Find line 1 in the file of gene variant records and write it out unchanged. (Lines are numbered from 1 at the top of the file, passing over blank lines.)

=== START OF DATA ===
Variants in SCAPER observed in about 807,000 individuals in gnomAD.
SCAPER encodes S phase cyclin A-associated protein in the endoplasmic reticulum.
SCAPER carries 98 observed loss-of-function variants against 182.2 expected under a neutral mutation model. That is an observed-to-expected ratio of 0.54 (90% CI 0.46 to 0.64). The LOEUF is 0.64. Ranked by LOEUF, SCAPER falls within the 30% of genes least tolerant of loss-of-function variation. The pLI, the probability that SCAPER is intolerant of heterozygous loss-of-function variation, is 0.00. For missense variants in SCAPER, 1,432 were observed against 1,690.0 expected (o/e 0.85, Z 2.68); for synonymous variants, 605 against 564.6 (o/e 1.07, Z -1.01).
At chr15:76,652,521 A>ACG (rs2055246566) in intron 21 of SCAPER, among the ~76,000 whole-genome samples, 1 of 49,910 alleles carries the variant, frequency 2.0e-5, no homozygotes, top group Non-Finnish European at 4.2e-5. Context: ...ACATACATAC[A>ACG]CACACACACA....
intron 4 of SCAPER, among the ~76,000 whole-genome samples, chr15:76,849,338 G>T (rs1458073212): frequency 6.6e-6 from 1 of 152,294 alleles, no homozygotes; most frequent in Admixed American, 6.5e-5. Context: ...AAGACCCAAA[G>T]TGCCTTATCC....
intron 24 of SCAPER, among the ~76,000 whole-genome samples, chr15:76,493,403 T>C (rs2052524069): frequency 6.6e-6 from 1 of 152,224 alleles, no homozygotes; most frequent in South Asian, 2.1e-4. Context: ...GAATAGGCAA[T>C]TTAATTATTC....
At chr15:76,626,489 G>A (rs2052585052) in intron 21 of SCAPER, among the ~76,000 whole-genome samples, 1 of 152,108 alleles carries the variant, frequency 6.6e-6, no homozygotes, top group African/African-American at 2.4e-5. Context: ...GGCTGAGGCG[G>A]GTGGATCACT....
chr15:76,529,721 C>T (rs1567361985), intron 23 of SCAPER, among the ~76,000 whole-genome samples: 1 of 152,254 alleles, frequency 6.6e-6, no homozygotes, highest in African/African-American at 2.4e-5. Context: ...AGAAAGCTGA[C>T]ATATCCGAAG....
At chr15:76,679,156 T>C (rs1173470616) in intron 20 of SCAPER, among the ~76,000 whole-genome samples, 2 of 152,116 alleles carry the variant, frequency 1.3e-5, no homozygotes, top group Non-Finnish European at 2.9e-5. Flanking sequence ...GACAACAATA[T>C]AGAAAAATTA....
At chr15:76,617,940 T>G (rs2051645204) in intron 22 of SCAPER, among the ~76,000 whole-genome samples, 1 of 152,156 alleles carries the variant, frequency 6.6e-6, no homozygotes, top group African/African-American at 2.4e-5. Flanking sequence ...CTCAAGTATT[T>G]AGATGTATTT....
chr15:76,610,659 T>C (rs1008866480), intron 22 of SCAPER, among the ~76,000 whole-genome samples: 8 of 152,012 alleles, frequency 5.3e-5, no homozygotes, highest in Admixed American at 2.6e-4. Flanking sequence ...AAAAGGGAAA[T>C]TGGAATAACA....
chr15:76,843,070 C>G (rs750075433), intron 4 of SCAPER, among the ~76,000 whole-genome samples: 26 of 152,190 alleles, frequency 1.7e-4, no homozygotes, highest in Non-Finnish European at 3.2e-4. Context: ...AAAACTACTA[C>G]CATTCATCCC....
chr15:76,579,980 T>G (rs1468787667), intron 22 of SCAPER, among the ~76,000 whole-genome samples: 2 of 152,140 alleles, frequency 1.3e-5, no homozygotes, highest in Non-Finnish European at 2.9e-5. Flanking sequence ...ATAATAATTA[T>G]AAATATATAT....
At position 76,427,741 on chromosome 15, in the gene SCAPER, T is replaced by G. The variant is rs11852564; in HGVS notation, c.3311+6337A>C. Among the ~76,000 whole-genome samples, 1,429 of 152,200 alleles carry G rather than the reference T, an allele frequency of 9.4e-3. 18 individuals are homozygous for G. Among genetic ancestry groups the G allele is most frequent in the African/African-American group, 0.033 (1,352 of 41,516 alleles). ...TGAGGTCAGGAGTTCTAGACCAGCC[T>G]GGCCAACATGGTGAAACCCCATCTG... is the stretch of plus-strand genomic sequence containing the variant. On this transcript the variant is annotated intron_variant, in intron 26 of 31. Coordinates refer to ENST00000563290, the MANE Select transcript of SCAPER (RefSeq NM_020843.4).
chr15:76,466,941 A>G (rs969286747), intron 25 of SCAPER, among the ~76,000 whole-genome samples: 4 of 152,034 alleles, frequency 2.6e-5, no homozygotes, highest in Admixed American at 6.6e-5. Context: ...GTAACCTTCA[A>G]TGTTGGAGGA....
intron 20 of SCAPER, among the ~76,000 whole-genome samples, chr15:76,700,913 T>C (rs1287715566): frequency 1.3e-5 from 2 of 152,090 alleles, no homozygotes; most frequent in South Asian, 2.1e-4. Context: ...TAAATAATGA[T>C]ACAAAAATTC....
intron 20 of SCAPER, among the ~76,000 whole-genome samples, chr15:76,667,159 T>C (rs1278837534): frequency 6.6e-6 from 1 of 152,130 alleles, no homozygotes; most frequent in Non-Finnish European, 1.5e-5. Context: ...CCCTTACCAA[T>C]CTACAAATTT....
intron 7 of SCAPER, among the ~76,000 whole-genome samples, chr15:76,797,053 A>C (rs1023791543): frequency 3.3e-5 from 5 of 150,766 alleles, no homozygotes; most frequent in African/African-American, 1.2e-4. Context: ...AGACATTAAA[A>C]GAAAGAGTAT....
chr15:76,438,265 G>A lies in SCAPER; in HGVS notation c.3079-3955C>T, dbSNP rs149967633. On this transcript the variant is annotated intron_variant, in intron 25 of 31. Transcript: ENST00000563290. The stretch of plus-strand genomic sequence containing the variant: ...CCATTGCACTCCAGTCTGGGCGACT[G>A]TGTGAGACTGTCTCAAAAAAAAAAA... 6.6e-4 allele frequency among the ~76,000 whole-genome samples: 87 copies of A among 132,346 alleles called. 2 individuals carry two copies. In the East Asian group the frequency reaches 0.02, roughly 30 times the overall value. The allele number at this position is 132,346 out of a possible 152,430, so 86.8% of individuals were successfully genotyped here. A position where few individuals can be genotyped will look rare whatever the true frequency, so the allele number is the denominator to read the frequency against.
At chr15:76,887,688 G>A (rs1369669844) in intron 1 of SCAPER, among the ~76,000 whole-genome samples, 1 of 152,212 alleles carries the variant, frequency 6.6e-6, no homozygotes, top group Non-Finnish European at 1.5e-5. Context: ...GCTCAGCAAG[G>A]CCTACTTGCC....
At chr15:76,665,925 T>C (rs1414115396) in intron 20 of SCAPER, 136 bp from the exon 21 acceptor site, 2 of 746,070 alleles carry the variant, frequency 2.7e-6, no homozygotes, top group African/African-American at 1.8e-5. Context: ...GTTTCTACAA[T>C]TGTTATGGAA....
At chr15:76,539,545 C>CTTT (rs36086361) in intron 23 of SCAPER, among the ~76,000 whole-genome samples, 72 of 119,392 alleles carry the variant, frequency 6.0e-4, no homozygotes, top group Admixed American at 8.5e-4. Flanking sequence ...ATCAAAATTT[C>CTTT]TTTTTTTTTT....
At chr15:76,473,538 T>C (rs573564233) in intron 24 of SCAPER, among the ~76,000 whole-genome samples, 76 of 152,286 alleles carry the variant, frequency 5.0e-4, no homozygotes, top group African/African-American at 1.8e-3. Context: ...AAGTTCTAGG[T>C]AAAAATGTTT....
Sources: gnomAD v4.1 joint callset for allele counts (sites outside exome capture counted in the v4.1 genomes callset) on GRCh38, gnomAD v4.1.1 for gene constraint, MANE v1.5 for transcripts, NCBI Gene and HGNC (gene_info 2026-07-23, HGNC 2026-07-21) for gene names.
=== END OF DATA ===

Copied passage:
Variants in SCAPER observed in about 807,000 individuals in gnomAD.